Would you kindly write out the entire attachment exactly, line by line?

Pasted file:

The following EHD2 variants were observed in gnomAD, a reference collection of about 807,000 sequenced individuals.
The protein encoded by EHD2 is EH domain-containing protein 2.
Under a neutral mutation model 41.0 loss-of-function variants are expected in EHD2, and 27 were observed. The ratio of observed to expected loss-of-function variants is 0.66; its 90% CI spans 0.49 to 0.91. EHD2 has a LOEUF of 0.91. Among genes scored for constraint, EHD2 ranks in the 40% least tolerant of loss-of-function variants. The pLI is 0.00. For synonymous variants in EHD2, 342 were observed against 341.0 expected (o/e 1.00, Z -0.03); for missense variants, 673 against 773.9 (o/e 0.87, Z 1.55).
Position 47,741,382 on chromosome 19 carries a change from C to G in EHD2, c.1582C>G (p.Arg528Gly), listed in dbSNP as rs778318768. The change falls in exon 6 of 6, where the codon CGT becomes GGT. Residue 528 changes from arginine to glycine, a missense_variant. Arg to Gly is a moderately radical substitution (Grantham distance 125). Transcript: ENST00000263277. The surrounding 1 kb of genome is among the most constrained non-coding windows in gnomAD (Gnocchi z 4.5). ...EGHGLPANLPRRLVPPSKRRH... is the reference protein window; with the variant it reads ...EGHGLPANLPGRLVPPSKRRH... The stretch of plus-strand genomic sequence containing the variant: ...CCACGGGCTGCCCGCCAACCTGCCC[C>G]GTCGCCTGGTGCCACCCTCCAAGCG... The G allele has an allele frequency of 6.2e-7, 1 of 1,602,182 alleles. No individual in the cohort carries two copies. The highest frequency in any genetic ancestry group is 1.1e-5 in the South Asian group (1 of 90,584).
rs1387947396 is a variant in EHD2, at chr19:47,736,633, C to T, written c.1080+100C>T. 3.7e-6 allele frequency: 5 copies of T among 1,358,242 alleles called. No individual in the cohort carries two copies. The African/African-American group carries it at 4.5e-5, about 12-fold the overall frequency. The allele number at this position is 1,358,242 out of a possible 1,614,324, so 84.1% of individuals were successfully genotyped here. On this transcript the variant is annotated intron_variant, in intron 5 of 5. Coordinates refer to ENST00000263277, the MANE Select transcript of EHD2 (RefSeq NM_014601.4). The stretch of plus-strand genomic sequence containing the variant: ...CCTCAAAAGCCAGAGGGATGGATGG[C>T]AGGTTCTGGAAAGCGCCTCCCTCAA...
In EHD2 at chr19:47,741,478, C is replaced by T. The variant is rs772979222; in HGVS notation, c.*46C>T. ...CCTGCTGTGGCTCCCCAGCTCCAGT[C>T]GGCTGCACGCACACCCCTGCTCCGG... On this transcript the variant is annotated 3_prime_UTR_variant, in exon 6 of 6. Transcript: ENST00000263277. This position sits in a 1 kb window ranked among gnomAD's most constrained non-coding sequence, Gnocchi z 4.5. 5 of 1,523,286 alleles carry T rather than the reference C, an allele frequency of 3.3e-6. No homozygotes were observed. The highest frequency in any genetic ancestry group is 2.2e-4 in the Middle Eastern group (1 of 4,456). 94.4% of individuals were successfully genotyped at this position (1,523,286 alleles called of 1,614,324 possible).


The following EHD2 variants were observed in gnomAD, a reference collection of about 807,000 sequenced individuals.
The protein encoded by EHD2 is EH domain-containing protein 2.
Under a neutral mutation model 41.0 loss-of-function variants are expected in EHD2, and 27 were observed. The ratio of observed to expected loss-of-function variants is 0.66; its 90% CI spans 0.49 to 0.91. EHD2 has a LOEUF of 0.91. Among genes scored for constraint, EHD2 ranks in the 40% least tolerant of loss-of-function variants. The pLI is 0.00. For synonymous variants in EHD2, 342 were observed against 341.0 expected (o/e 1.00, Z -0.03); for missense variants, 673 against 773.9 (o/e 0.87, Z 1.55).
Position 47,741,382 on chromosome 19 carries a change from C to G in EHD2, c.1582C>G (p.Arg528Gly), listed in dbSNP as rs778318768. The change falls in exon 6 of 6, where the codon CGT becomes GGT. Residue 528 changes from arginine to glycine, a missense_variant. Arg to Gly is a moderately radical substitution (Grantham distance 125). Transcript: ENST00000263277. The surrounding 1 kb of genome is among the most constrained non-coding windows in gnomAD (Gnocchi z 4.5). ...EGHGLPANLPRRLVPPSKRRH... is the reference protein window; with the variant it reads ...EGHGLPANLPGRLVPPSKRRH... The stretch of plus-strand genomic sequence containing the variant: ...CCACGGGCTGCCCGCCAACCTGCCC[C>G]GTCGCCTGGTGCCACCCTCCAAGCG... The G allele has an allele frequency of 6.2e-7, 1 of 1,602,182 alleles. No individual in the cohort carries two copies. The highest frequency in any genetic ancestry group is 1.1e-5 in the South Asian group (1 of 90,584).
rs1387947396 is a variant in EHD2, at chr19:47,736,633, C to T, written c.1080+100C>T. 3.7e-6 allele frequency: 5 copies of T among 1,358,242 alleles called. No individual in the cohort carries two copies. The African/African-American group carries it at 4.5e-5, about 12-fold the overall frequency. The allele number at this position is 1,358,242 out of a possible 1,614,324, so 84.1% of individuals were successfully genotyped here. On this transcript the variant is annotated intron_variant, in intron 5 of 5. Coordinates refer to ENST00000263277, the MANE Select transcript of EHD2 (RefSeq NM_014601.4). The stretch of plus-strand genomic sequence containing the variant: ...CCTCAAAAGCCAGAGGGATGGATGG[C>T]AGGTTCTGGAAAGCGCCTCCCTCAA...
In EHD2 at chr19:47,741,478, C is replaced by T. The variant is rs772979222; in HGVS notation, c.*46C>T. ...CCTGCTGTGGCTCCCCAGCTCCAGT[C>T]GGCTGCACGCACACCCCTGCTCCGG... On this transcript the variant is annotated 3_prime_UTR_variant, in exon 6 of 6. Transcript: ENST00000263277. This position sits in a 1 kb window ranked among gnomAD's most constrained non-coding sequence, Gnocchi z 4.5. 5 of 1,523,286 alleles carry T rather than the reference C, an allele frequency of 3.3e-6. No homozygotes were observed. The highest frequency in any genetic ancestry group is 2.2e-4 in the Middle Eastern group (1 of 4,456). 94.4% of individuals were successfully genotyped at this position (1,523,286 alleles called of 1,614,324 possible).